|27 Jul 2013||#1|
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New to the whole OVERCLOCKING thing?
I have an average system and I have average computer operating knowledge but this OVERCLOCKING thing has peeked my interest. I'd like to tweak my average system into something I wouldn't be so bored with! Can someone help me tweak my system to run faster?
|My System Specs|
|27 Jul 2013||#2|
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Sorry, I'm not as familiar with AMD setups, so I don't have much specific info on how to OC your system.
Generally what is OCed in a PC is the CPU, then the GPU, and then also sometimes the RAM and/or VRAM on the video card, usually in that order starting with the CPU as the main thing that is OCed.
When OCing, the main enemy is heat generated when components are more fully loaded crunching data as well as staying under safe operational voltages for the hardware. When OCing a CPU, often for it to be stable and not crash the voltage to it will need to be raised to a higher but still relatively safe level. To test stability there are different programs which can be used to load up the CPU such as Prime95, Intel Burn Test, and others. As mentioned, this will also cause the component to generate more heat, so you want to also monitor that (with programs such as Core Temp) to make sure it too is within safe limits and that your heat sink/cooler, airflow through your case, and home/room air conditioning are up to the task.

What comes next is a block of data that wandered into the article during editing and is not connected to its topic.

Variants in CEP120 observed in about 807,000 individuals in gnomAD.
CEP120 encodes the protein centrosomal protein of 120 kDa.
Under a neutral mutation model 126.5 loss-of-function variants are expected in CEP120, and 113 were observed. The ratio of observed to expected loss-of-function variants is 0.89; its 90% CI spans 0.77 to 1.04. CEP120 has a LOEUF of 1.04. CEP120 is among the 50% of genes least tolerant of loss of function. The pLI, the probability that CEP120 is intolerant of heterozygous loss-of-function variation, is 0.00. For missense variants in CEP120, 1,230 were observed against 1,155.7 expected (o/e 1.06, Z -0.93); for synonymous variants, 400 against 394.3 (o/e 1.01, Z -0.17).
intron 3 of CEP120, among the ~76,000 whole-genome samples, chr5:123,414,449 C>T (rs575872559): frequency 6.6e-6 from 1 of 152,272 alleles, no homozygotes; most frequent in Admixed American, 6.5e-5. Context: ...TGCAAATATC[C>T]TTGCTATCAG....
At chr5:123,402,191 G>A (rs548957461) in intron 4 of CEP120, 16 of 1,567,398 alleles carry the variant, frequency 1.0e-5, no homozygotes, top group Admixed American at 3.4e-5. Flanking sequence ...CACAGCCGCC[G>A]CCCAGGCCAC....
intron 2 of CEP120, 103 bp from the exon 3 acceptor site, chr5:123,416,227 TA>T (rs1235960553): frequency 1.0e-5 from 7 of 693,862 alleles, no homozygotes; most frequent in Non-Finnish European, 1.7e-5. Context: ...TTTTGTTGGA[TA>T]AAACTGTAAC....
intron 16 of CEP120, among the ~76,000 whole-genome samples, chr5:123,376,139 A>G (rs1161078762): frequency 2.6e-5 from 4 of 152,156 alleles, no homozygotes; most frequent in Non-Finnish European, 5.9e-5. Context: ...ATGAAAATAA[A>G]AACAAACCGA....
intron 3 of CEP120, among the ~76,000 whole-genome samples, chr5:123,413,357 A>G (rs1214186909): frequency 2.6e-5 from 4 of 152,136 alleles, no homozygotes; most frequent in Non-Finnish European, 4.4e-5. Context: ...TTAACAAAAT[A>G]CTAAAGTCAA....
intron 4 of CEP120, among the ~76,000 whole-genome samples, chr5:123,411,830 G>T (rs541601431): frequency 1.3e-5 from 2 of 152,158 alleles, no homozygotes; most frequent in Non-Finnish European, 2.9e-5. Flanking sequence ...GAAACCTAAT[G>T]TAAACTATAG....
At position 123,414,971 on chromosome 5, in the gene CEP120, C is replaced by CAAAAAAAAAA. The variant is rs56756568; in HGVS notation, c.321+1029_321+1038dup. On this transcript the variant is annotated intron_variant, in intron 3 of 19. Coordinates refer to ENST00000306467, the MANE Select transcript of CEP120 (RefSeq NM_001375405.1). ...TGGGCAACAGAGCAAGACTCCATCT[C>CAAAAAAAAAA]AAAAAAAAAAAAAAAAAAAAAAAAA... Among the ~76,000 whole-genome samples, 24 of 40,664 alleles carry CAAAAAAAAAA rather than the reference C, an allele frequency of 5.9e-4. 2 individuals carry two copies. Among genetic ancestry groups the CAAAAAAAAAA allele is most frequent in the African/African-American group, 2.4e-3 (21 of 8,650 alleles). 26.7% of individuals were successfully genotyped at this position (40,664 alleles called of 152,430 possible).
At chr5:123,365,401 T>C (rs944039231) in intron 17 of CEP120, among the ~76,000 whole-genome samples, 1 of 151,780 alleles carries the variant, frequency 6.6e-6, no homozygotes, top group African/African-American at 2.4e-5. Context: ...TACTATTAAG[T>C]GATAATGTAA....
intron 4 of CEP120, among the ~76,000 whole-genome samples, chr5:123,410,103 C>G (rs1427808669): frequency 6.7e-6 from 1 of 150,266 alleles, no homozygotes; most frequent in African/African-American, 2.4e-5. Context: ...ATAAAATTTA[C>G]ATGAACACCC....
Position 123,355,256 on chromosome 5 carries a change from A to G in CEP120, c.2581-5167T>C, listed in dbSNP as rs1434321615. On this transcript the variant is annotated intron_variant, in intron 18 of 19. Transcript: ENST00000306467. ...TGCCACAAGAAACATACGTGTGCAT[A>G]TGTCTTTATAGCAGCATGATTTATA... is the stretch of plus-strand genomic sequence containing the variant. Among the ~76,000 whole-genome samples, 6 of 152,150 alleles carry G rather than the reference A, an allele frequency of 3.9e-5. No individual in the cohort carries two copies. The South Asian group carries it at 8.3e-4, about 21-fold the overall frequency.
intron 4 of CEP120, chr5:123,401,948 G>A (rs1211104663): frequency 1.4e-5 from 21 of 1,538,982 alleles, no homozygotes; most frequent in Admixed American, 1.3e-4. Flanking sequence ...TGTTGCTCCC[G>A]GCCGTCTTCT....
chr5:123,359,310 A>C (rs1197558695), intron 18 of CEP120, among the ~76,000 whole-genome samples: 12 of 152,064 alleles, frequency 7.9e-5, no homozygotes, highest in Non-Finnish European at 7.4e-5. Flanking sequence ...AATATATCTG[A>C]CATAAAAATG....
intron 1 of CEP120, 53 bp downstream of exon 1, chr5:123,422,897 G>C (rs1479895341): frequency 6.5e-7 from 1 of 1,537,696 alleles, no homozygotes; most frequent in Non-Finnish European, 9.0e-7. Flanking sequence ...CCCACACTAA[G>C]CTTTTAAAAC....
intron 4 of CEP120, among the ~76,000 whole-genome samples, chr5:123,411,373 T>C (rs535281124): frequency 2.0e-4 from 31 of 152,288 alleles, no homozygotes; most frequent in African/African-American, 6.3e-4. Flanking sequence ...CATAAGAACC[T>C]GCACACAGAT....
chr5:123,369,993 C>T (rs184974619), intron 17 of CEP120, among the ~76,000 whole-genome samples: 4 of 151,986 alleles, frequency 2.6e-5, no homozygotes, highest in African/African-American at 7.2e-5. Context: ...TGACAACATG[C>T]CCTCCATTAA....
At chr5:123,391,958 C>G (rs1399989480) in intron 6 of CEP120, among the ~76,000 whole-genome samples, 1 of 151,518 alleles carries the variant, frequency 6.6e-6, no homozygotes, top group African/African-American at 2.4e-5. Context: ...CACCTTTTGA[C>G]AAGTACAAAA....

The motherboard and BIOS play a role too in what OCing features they offer.
Perhaps others here will be able to help more with your specific hardware and letting you know what the reasonable safe limits for it are. If not, there is always Google, but I would start by searching and/or asking in the AMD section over at overclock.net.
Also, it's good to ask yourself what you want to achieve with OCing. For example, the reason I OC my hardware is because it was more or less actually designed to be provided there's sufficient cooling, and because I use my PC to crunch for scientific research, keeping my CPU and GPUs dynamically nearly fully loaded 24/7, as well as gaming and whatnot.
Generally you'll likely only be able to achieve a 10% to 20% increase in the performance of specific components. Some people can OC different components as much as 50%, or sometimes even more, but they usually have "extreme" setups (that is, perhaps not practical as a general use PC) to specifically achieve high benchmarking scores.
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